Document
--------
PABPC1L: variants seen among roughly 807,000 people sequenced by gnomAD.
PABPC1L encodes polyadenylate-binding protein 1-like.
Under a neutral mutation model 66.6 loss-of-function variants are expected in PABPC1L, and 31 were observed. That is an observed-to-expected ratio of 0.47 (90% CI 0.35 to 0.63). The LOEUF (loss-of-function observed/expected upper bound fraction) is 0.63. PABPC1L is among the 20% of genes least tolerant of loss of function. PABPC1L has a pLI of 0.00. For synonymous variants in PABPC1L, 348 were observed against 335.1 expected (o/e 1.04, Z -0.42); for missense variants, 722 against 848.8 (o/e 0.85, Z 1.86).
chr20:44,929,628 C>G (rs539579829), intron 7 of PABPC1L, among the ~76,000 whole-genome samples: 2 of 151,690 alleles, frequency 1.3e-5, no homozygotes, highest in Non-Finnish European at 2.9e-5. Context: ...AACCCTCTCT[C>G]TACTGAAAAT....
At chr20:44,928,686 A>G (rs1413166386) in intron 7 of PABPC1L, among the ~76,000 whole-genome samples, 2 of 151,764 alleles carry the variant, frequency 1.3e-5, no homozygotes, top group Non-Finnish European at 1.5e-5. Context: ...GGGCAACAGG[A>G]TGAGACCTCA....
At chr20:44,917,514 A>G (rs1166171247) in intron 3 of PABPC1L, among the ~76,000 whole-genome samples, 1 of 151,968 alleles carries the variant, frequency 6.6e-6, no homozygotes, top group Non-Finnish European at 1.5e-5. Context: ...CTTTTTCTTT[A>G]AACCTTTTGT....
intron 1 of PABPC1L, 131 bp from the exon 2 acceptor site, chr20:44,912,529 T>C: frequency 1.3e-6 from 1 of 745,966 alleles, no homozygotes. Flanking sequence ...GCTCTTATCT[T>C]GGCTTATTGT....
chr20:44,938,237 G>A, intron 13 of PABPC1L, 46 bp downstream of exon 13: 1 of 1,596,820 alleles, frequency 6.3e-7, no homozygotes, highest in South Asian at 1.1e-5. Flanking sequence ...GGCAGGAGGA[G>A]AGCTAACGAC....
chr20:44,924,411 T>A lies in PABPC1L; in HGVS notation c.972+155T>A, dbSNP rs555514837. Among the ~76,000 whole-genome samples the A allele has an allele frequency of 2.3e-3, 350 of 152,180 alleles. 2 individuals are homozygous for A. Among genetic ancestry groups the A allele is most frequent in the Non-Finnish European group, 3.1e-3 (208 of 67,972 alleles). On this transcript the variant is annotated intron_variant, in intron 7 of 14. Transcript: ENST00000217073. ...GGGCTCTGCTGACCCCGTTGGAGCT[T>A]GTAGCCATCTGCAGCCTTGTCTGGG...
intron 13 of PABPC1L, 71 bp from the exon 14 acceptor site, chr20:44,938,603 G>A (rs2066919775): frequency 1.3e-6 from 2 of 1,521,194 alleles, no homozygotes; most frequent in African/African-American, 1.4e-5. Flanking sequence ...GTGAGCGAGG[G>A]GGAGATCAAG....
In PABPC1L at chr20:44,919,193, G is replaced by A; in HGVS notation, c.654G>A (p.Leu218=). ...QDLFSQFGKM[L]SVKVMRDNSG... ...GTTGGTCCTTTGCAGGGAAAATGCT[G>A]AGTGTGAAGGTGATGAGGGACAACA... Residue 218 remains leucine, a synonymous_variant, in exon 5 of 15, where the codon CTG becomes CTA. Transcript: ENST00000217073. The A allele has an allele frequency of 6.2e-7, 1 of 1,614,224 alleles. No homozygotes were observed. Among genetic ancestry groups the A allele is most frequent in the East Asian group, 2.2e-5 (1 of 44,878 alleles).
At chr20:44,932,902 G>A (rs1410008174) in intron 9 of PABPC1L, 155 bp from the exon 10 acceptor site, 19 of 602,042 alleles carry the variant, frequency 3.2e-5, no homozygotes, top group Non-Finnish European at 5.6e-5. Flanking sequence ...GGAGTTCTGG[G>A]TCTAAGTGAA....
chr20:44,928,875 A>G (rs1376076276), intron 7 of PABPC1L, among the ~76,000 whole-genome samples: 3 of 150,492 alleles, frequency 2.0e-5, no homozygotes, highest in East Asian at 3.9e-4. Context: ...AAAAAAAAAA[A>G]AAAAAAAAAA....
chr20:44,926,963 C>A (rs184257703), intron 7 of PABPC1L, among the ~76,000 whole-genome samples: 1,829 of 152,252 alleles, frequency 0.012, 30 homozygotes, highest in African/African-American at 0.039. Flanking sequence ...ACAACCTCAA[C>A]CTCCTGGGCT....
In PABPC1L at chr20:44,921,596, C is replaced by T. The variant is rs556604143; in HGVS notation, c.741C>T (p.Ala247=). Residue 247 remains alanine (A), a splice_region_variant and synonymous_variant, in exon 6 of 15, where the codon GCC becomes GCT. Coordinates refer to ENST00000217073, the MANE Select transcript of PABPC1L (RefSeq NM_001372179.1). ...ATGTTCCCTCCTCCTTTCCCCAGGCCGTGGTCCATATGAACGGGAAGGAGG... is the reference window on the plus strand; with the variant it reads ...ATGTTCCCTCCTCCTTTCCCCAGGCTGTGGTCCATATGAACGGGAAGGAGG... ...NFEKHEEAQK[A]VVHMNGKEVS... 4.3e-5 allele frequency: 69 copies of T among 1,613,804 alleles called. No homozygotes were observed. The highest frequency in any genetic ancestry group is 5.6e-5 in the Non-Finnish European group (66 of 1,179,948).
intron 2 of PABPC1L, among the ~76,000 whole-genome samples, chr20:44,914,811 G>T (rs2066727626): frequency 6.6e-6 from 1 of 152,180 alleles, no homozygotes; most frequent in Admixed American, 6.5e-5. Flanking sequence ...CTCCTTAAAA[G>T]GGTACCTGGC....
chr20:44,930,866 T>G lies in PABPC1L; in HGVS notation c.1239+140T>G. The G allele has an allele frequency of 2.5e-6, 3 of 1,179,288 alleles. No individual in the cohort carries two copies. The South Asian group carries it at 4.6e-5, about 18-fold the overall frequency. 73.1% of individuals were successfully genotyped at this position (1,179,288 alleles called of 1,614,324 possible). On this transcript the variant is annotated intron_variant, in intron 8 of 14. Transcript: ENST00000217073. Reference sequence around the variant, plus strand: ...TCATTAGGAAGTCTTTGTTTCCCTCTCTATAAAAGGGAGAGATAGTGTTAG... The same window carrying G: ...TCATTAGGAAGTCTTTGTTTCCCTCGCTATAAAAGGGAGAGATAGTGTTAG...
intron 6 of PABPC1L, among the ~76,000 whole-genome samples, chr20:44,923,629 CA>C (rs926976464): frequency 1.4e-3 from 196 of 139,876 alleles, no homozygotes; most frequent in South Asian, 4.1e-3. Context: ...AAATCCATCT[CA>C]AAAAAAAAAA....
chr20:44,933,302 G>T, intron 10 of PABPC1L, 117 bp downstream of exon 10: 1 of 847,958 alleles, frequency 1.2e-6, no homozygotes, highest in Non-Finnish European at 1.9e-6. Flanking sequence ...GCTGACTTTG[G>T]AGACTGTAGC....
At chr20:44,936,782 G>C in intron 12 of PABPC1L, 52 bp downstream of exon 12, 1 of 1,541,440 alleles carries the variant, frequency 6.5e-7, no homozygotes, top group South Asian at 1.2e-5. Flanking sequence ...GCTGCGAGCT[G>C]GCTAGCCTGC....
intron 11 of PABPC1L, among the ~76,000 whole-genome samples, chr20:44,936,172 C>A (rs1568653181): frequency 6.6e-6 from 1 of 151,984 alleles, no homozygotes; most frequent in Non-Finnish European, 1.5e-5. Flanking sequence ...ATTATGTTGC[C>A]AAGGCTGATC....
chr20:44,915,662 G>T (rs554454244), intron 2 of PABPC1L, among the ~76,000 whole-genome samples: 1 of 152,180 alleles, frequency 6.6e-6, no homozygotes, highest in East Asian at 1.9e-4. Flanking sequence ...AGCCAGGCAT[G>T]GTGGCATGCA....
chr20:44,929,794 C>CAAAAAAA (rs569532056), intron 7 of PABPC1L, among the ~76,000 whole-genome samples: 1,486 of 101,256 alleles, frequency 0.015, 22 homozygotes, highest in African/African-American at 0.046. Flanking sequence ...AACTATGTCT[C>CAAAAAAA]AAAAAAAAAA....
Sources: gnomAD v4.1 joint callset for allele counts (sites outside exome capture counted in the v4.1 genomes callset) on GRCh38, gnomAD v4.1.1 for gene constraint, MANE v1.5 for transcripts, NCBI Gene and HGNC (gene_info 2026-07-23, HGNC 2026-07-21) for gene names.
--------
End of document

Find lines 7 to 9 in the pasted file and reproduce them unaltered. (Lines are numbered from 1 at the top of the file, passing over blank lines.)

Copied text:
intron 1 of PABPC1L, 131 bp from the exon 2 acceptor site, chr20:44,912,529 T>C: frequency 1.3e-6 from 1 of 745,966 alleles, no homozygotes. Flanking sequence ...GCTCTTATCT[T>C]GGCTTATTGT....
chr20:44,938,237 G>A, intron 13 of PABPC1L, 46 bp downstream of exon 13: 1 of 1,596,820 alleles, frequency 6.3e-7, no homozygotes, highest in South Asian at 1.1e-5. Flanking sequence ...GGCAGGAGGA[G>A]AGCTAACGAC....
chr20:44,924,411 T>A lies in PABPC1L; in HGVS notation c.972+155T>A, dbSNP rs555514837. Among the ~76,000 whole-genome samples the A allele has an allele frequency of 2.3e-3, 350 of 152,180 alleles. 2 individuals are homozygous for A. Among genetic ancestry groups the A allele is most frequent in the Non-Finnish European group, 3.1e-3 (208 of 67,972 alleles). On this transcript the variant is annotated intron_variant, in intron 7 of 14. Transcript: ENST00000217073. ...GGGCTCTGCTGACCCCGTTGGAGCT[T>A]GTAGCCATCTGCAGCCTTGTCTGGG...